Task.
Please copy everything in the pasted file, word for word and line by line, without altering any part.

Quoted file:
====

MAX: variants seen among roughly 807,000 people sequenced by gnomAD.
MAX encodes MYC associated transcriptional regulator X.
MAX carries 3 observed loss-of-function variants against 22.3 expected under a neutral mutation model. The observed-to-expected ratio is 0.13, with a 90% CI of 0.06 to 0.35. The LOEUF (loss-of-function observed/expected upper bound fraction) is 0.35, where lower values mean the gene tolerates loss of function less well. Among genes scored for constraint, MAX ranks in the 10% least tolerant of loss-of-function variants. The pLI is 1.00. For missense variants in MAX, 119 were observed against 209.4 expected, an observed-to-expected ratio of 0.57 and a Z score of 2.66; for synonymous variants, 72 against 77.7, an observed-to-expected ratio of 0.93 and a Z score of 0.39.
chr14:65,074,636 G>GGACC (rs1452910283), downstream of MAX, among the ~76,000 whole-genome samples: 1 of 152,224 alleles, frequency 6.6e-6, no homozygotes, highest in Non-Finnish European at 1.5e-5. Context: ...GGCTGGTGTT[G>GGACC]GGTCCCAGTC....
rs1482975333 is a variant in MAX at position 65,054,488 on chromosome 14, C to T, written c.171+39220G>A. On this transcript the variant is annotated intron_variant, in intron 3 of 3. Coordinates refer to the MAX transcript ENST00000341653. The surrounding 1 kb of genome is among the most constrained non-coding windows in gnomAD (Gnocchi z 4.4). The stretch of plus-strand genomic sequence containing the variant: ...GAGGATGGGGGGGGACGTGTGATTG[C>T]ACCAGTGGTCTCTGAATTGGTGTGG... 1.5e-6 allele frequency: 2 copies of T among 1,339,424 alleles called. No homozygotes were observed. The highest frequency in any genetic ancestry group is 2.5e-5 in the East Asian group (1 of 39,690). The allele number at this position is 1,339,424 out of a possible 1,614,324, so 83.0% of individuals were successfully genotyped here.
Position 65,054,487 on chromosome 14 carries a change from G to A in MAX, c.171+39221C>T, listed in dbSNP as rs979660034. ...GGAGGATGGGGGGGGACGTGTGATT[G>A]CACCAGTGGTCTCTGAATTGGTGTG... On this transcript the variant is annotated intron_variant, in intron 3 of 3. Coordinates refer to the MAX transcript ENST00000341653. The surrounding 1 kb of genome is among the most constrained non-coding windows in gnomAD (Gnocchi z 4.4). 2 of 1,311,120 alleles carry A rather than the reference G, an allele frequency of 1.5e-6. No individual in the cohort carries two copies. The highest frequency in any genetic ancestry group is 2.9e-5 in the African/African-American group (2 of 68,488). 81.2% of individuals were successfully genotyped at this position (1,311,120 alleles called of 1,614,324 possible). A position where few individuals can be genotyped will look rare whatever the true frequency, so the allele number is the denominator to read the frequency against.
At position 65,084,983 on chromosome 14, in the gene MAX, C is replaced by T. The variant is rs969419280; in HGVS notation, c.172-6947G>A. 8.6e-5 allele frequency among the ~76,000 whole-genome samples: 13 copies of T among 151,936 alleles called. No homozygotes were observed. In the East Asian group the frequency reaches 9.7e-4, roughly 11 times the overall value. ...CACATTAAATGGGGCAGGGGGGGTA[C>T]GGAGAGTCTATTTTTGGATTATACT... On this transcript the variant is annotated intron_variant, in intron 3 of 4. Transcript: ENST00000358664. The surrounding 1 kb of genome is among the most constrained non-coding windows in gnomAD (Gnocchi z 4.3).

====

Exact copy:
MAX: variants seen among roughly 807,000 people sequenced by gnomAD.
MAX encodes MYC associated transcriptional regulator X.
MAX carries 3 observed loss-of-function variants against 22.3 expected under a neutral mutation model. The observed-to-expected ratio is 0.13, with a 90% CI of 0.06 to 0.35. The LOEUF (loss-of-function observed/expected upper bound fraction) is 0.35, where lower values mean the gene tolerates loss of function less well. Among genes scored for constraint, MAX ranks in the 10% least tolerant of loss-of-function variants. The pLI is 1.00. For missense variants in MAX, 119 were observed against 209.4 expected, an observed-to-expected ratio of 0.57 and a Z score of 2.66; for synonymous variants, 72 against 77.7, an observed-to-expected ratio of 0.93 and a Z score of 0.39.
chr14:65,074,636 G>GGACC (rs1452910283), downstream of MAX, among the ~76,000 whole-genome samples: 1 of 152,224 alleles, frequency 6.6e-6, no homozygotes, highest in Non-Finnish European at 1.5e-5. Context: ...GGCTGGTGTT[G>GGACC]GGTCCCAGTC....
rs1482975333 is a variant in MAX at position 65,054,488 on chromosome 14, C to T, written c.171+39220G>A. On this transcript the variant is annotated intron_variant, in intron 3 of 3. Coordinates refer to the MAX transcript ENST00000341653. The surrounding 1 kb of genome is among the most constrained non-coding windows in gnomAD (Gnocchi z 4.4). The stretch of plus-strand genomic sequence containing the variant: ...GAGGATGGGGGGGGACGTGTGATTG[C>T]ACCAGTGGTCTCTGAATTGGTGTGG... 1.5e-6 allele frequency: 2 copies of T among 1,339,424 alleles called. No homozygotes were observed. The highest frequency in any genetic ancestry group is 2.5e-5 in the East Asian group (1 of 39,690). The allele number at this position is 1,339,424 out of a possible 1,614,324, so 83.0% of individuals were successfully genotyped here.
Position 65,054,487 on chromosome 14 carries a change from G to A in MAX, c.171+39221C>T, listed in dbSNP as rs979660034. ...GGAGGATGGGGGGGGACGTGTGATT[G>A]CACCAGTGGTCTCTGAATTGGTGTG... On this transcript the variant is annotated intron_variant, in intron 3 of 3. Coordinates refer to the MAX transcript ENST00000341653. The surrounding 1 kb of genome is among the most constrained non-coding windows in gnomAD (Gnocchi z 4.4). 2 of 1,311,120 alleles carry A rather than the reference G, an allele frequency of 1.5e-6. No individual in the cohort carries two copies. The highest frequency in any genetic ancestry group is 2.9e-5 in the African/African-American group (2 of 68,488). 81.2% of individuals were successfully genotyped at this position (1,311,120 alleles called of 1,614,324 possible). A position where few individuals can be genotyped will look rare whatever the true frequency, so the allele number is the denominator to read the frequency against.
At position 65,084,983 on chromosome 14, in the gene MAX, C is replaced by T. The variant is rs969419280; in HGVS notation, c.172-6947G>A. 8.6e-5 allele frequency among the ~76,000 whole-genome samples: 13 copies of T among 151,936 alleles called. No homozygotes were observed. In the East Asian group the frequency reaches 9.7e-4, roughly 11 times the overall value. ...CACATTAAATGGGGCAGGGGGGGTA[C>T]GGAGAGTCTATTTTTGGATTATACT... On this transcript the variant is annotated intron_variant, in intron 3 of 4. Transcript: ENST00000358664. The surrounding 1 kb of genome is among the most constrained non-coding windows in gnomAD (Gnocchi z 4.3).